What’s my business worth?
With very few exceptions, most businesses are valued by an accepted method based on the adjusted profit of the business.
What’s adjusted profit?
When valuing a small business, you must examine the businesses expenses, and identify which of those expenses represent benefits for the owner. Salary is just one possible example along with superannuation. In Australia it is common to add one of the owner’s wages and associated benefits alongside any interest payments or depreciation allowances. Basically, what the adjustment represent is the true profit a new owner should receive from the business.
Business Valuation Methods
There are three broad approaches used by Business Valuers. These are :
The Asset Method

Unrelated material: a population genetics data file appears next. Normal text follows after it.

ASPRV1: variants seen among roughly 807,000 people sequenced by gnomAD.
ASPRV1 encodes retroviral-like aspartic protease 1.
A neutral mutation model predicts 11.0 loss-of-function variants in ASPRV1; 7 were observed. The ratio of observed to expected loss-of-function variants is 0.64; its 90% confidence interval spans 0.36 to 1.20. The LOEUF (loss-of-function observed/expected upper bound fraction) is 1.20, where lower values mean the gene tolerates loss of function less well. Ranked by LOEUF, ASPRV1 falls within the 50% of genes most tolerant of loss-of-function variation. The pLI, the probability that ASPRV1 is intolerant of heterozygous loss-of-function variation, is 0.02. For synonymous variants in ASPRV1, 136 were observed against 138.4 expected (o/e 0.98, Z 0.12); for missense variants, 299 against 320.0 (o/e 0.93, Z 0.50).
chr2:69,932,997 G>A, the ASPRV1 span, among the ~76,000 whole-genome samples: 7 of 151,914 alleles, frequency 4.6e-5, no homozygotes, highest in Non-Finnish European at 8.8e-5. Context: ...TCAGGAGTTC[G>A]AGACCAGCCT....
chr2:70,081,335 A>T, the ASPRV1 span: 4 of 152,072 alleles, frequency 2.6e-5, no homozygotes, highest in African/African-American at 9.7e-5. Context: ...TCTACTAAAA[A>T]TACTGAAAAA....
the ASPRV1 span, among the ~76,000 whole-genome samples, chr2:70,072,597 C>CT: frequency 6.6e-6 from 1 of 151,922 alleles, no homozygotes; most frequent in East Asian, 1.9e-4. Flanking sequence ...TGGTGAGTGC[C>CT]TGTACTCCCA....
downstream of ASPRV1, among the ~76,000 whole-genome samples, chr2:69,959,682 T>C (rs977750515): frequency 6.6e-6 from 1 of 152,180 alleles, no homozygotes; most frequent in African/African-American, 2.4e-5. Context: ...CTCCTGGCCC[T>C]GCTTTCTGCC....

The asset-based approach utilises the Company’s adjusted balance sheet as the primary focus of fair market value.
The Income Method
The theory of the income approach is that the value of the business is the present value of the future economic benefits (income stream) it’s expected to provide.
The Market Method
The market approach draws comparisons to publicly traded companies or private companies that are similar to the subject company.
Any single valuation approach may be used. Professional practices, Real Estate Agents, and Medical and Veterinary Practices may utilise a different approach. Family Court Valuations sometimes also necessitate the use of another approach, that of value to owner. One thing is paramount in Business Valuation, and that is that the valuer has the qualifications and experience to provide a valuation that is accepted for both merger and acquisition and litigation purposes.